I also brought your book with me to a discussion I led at my older son’s child care center with the teachers. The reason I picked his center is because of the way they respect young children and nurture their character development. It is not something often spoken about explicitly- these value questions, so it was a great way of affirming their work.
Thank you for your outstanding and thought provoking work.
Thanks so much for this generous and thoughtful comment. I’m thrilled to hear that the book is resonating with you as both a parent and a teacher. Thanks for spreading the word in Sweden!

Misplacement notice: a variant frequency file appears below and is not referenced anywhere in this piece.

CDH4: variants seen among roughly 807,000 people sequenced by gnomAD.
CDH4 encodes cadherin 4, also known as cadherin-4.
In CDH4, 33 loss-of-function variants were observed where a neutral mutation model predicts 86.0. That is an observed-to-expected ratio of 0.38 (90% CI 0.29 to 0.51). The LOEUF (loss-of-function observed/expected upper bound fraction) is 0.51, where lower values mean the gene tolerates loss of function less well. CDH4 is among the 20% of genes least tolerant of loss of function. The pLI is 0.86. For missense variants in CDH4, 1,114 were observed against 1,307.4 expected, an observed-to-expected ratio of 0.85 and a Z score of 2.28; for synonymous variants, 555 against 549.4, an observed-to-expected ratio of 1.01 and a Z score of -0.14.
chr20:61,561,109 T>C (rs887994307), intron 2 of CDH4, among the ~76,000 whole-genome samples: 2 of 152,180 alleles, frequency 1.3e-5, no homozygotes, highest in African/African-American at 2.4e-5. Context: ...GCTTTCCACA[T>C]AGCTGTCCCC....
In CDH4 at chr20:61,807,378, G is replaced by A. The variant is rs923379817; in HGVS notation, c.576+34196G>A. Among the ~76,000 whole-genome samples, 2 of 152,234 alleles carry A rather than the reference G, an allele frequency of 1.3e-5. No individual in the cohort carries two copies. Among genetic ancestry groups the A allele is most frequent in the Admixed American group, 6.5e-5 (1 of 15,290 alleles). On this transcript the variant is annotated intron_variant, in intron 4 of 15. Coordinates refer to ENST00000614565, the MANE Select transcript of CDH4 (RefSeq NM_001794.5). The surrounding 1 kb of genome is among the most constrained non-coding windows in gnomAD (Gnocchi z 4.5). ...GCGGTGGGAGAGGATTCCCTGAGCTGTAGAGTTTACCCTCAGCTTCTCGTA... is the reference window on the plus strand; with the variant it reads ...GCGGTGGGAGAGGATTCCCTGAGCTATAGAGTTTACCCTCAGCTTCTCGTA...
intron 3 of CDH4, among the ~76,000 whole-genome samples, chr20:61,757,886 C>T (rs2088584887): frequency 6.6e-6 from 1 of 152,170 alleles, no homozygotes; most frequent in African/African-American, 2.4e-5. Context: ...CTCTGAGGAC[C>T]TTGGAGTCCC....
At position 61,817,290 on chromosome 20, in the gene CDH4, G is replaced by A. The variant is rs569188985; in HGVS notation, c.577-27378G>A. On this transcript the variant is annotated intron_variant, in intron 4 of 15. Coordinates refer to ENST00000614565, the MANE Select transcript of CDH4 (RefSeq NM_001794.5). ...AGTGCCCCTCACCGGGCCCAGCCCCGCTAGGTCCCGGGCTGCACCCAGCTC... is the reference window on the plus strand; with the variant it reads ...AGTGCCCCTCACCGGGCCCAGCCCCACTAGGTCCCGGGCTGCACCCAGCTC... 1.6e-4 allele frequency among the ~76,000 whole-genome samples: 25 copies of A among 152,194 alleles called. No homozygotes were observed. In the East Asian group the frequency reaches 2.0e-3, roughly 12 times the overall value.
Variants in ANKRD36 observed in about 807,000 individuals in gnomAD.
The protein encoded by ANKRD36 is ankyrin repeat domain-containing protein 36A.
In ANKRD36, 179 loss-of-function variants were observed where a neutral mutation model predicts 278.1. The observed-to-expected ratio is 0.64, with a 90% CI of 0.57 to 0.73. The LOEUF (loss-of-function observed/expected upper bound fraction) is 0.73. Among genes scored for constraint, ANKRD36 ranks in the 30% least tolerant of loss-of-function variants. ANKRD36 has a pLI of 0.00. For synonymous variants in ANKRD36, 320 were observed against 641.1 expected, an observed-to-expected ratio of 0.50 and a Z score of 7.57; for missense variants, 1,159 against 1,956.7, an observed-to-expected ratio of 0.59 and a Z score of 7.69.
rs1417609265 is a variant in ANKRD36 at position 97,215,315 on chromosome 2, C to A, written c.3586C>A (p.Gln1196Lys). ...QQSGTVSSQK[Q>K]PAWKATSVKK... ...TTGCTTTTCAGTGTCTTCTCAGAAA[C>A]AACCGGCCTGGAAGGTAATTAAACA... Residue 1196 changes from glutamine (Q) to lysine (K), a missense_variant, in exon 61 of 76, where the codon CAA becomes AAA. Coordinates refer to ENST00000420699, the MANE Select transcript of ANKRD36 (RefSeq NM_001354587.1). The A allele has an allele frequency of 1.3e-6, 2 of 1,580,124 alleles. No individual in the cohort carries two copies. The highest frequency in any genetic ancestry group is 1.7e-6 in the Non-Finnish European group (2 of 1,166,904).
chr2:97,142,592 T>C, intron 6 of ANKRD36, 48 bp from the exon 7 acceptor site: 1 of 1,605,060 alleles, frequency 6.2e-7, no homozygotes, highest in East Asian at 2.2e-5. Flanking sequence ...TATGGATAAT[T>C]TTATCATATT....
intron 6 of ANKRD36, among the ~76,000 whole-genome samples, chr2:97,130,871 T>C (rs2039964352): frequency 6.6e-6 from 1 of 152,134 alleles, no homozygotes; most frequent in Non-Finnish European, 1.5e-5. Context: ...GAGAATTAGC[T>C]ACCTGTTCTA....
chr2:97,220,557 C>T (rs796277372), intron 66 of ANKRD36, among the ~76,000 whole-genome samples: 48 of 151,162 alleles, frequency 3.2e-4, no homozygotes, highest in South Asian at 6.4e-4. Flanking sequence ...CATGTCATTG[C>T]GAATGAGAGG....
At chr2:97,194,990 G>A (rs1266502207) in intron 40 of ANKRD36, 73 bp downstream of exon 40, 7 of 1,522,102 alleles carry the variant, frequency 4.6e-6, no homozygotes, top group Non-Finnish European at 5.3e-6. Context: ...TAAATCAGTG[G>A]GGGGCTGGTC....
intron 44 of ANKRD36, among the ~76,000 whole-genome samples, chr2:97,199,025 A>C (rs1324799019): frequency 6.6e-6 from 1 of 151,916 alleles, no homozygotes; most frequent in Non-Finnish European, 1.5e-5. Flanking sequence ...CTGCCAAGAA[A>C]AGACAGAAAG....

This is a terrific book. I went over some of it twice. I so appreciate your research and hope it will have an inpact on American Education. It is pitiful what is happening to our future generations. You show us ways folks are tackling some of the big issues and some reasons the new ideas are not moving into the American Public Schools quickly. I will refer people to it.
This was a good book. I am just a caring grandma.
Thanks, Grandma K. I’m glad you enjoyed it.